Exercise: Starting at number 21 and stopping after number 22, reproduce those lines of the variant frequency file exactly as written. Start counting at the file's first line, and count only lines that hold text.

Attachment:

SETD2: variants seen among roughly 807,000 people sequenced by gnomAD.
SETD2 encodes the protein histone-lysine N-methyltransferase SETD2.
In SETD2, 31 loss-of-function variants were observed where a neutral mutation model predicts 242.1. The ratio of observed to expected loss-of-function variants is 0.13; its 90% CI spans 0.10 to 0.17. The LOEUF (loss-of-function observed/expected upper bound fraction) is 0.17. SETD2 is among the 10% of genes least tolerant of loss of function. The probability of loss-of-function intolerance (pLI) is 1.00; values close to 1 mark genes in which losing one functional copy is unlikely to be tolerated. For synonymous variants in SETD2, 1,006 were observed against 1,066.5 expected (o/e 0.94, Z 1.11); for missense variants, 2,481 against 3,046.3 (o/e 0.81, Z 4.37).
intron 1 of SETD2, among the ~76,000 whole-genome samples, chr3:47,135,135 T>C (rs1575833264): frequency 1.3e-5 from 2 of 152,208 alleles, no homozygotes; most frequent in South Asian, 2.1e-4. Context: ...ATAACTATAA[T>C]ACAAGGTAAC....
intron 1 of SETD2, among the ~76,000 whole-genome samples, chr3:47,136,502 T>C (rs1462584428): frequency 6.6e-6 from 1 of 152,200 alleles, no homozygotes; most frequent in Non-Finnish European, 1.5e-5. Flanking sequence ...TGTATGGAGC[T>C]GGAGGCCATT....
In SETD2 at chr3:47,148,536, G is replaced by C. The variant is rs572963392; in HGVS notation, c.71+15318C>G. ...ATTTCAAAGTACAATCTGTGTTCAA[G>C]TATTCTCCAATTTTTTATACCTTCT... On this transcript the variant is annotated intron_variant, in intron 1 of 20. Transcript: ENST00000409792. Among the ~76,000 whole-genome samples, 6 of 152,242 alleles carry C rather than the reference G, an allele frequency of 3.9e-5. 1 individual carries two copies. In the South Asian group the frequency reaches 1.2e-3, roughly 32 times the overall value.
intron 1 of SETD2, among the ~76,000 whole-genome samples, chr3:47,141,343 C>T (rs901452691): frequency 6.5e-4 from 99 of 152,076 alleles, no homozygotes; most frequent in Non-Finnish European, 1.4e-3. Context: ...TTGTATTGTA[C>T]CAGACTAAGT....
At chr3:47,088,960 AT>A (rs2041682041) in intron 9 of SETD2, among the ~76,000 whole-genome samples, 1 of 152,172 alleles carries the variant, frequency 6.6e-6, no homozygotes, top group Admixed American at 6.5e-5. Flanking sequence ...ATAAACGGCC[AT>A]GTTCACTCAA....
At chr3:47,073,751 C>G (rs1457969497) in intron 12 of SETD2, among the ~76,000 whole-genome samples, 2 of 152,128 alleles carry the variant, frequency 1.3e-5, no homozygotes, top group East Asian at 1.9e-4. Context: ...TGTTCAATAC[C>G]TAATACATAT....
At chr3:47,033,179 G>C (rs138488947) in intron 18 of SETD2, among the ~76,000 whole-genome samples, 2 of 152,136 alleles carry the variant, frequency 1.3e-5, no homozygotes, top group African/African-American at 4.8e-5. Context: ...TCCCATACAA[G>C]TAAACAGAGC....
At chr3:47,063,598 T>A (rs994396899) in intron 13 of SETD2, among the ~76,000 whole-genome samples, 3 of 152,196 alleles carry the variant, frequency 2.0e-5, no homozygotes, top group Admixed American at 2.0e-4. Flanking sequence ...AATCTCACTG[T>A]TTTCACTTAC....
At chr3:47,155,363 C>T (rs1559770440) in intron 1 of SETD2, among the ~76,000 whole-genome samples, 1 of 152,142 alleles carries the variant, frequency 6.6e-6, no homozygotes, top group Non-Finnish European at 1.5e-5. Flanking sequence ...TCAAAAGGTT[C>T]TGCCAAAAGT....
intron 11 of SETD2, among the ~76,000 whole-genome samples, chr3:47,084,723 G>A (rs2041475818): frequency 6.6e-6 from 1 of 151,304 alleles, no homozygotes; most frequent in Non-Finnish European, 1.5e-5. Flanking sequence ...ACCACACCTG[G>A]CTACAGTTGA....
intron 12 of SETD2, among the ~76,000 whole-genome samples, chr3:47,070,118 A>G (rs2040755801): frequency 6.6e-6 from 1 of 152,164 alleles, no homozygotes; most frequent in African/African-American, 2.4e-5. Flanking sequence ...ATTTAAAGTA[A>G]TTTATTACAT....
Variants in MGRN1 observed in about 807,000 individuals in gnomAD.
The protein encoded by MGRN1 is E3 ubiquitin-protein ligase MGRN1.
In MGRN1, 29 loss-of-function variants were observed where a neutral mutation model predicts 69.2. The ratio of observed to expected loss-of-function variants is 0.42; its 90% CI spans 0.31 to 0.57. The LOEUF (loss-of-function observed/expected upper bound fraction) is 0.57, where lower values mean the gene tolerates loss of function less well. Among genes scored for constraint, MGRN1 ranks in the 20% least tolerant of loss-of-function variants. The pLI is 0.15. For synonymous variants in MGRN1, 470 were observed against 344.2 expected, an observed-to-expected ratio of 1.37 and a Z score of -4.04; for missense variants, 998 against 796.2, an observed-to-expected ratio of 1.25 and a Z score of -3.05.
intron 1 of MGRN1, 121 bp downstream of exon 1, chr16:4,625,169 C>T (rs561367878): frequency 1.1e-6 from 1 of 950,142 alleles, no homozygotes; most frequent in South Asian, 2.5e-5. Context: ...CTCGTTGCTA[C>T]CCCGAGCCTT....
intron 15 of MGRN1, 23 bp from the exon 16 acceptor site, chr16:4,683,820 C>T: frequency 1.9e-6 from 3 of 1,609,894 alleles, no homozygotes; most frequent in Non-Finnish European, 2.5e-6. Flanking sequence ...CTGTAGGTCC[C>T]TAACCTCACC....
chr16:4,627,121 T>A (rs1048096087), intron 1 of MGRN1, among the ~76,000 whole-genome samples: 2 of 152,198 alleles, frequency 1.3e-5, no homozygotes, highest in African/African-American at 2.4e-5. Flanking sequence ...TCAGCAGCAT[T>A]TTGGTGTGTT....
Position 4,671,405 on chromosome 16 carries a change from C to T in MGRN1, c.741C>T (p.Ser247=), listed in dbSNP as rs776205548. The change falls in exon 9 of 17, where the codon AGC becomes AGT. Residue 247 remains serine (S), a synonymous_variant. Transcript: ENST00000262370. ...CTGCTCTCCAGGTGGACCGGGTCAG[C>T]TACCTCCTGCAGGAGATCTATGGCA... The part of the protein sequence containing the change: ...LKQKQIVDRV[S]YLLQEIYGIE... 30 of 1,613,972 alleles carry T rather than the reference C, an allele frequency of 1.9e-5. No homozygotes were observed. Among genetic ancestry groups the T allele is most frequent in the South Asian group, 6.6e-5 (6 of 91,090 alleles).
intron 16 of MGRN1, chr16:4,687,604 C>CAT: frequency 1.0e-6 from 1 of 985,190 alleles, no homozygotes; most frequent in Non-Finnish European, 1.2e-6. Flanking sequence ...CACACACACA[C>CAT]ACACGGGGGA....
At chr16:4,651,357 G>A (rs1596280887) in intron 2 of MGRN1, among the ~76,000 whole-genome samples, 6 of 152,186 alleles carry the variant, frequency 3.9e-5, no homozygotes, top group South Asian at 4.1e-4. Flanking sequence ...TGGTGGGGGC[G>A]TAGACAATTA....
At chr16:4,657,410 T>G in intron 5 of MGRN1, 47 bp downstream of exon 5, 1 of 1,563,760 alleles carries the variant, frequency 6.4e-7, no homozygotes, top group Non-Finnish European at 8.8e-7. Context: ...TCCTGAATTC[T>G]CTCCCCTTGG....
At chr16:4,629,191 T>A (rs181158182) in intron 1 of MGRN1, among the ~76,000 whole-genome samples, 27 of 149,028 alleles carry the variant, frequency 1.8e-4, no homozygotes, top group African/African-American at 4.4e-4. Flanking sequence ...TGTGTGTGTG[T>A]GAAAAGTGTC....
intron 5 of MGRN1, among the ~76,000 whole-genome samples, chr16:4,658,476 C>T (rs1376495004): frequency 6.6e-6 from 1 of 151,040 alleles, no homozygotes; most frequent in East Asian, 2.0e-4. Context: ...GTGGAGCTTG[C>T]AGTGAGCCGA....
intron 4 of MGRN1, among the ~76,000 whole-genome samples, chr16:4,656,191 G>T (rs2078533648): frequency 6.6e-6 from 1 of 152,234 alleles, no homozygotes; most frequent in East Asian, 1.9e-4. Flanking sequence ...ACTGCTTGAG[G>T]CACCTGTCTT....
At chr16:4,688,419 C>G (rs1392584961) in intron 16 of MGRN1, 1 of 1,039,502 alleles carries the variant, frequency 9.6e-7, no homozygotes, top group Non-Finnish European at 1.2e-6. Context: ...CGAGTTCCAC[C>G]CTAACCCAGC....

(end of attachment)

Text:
Position 4,671,405 on chromosome 16 carries a change from C to T in MGRN1, c.741C>T (p.Ser247=), listed in dbSNP as rs776205548. The change falls in exon 9 of 17, where the codon AGC becomes AGT. Residue 247 remains serine (S), a synonymous_variant. Transcript: ENST00000262370. ...CTGCTCTCCAGGTGGACCGGGTCAG[C>T]TACCTCCTGCAGGAGATCTATGGCA... The part of the protein sequence containing the change: ...LKQKQIVDRV[S]YLLQEIYGIE... 30 of 1,613,972 alleles carry T rather than the reference C, an allele frequency of 1.9e-5. No homozygotes were observed. Among genetic ancestry groups the T allele is most frequent in the South Asian group, 6.6e-5 (6 of 91,090 alleles).
intron 16 of MGRN1, chr16:4,687,604 C>CAT: frequency 1.0e-6 from 1 of 985,190 alleles, no homozygotes; most frequent in Non-Finnish European, 1.2e-6. Flanking sequence ...CACACACACA[C>CAT]ACACGGGGGA....